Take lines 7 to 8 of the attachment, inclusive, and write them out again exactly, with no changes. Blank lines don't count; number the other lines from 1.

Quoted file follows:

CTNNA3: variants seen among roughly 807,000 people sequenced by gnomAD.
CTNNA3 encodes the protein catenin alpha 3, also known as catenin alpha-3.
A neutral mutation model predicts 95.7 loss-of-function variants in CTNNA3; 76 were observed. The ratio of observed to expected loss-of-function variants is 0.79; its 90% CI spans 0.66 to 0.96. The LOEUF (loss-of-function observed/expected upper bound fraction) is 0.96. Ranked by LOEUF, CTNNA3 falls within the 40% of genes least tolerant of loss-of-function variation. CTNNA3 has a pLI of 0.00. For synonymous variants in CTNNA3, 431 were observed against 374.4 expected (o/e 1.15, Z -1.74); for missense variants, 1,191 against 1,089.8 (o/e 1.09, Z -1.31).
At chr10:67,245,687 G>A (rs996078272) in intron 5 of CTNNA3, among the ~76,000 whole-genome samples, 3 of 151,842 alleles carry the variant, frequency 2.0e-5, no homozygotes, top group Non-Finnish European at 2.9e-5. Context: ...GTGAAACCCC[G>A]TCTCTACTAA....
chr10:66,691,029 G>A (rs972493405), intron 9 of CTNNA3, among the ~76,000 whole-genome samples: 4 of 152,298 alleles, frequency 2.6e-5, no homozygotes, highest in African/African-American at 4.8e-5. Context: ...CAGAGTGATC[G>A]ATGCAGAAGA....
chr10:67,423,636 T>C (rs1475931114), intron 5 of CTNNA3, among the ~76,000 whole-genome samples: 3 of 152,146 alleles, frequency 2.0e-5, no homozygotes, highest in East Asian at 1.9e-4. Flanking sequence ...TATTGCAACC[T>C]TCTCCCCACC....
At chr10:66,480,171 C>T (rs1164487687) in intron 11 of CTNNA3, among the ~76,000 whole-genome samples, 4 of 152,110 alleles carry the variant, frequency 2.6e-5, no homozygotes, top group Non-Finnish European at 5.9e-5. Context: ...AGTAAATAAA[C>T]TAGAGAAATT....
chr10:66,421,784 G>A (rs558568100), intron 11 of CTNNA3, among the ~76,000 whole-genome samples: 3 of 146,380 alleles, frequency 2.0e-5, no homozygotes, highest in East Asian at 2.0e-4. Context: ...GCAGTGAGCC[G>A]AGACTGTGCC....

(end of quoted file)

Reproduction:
At chr10:66,480,171 C>T (rs1164487687) in intron 11 of CTNNA3, among the ~76,000 whole-genome samples, 4 of 152,110 alleles carry the variant, frequency 2.6e-5, no homozygotes, top group Non-Finnish European at 5.9e-5. Context: ...AGTAAATAAA[C>T]TAGAGAAATT....
chr10:66,421,784 G>A (rs558568100), intron 11 of CTNNA3, among the ~76,000 whole-genome samples: 3 of 146,380 alleles, frequency 2.0e-5, no homozygotes, highest in East Asian at 2.0e-4. Context: ...GCAGTGAGCC[G>A]AGACTGTGCC....